Artificial Life by Steven Levy
A Report from the Frontier Where Computers Meet Biology

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This enthralling book alerts us to nothing less than the existence of new varieties of life. Some of these species can move and eat, see, reproduce, and die. Some behave like birds or ants. One such life form may turn out to be our best weapon in the war against AIDS.

What these species have in common is that they exist inside computers, their DNA is digital, and they have come into being not through God's agency but through the efforts of a generation of scientists who seek to create life in silico.

But even as it introduces us to these brilliant heretics and unravels the intricacies of their work. Artificial Life examines its subject's dizzying philosophical implications: Is a self-replicating computer program any less alive than a flu virus? Are carbon-and-water-based entities merely part of the continuum of living things? And is it possible that one day "a-life" will look back at human beings and dismiss us as an evolutionary way station -- or, worse still, a dead end?


About Steven Levy

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STEVEN LEVY has covered Google for more than a decade, first at Newsweek, where he was senior editor and chief technology writer, and now at Wired, where he is senior writer. He has also written about Apple (Insanely Great and The Perfect Thing) and is the author of the classic book Hackers: Heroes of the Computer Revolution. He lives in New York with his wife and son.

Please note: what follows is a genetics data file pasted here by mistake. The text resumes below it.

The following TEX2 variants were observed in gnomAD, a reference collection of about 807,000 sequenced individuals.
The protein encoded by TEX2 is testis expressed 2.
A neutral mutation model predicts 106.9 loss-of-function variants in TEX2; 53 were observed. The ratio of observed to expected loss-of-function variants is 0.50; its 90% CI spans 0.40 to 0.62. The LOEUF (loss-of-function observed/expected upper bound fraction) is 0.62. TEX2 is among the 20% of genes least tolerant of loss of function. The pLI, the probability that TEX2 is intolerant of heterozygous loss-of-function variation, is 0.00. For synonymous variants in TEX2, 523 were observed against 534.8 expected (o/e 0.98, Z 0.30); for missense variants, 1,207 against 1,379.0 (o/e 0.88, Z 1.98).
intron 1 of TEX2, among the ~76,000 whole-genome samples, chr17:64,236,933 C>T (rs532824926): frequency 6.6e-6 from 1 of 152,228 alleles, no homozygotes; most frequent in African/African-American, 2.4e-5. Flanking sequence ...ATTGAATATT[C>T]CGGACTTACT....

Published January 1, 1992 by Pantheon. 394 pages
Genres: Computers & Technology, Science & Math, Professional & Technical. Non-fiction

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As Levy methodically traces the development of ``A-life'' studies from John von Neumann's interest during the 1940's in the similarities between computers and nature to today's soul-searching by researchers into the spirituality, civil rights, and destructive power of future artificial life forms...

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Publishers Weekly

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Writing primarily for readers with backgrounds in science, Levy focuses on the conceptual edge that artificial-life research defines.

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Publishers Weekly

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Science reporter Levy ( Hackers ) writes for readers with extensive interdisciplinary backgrounds in science, although he includes such popular sensations as an artificially ``live'' foot-long robot cockroach.

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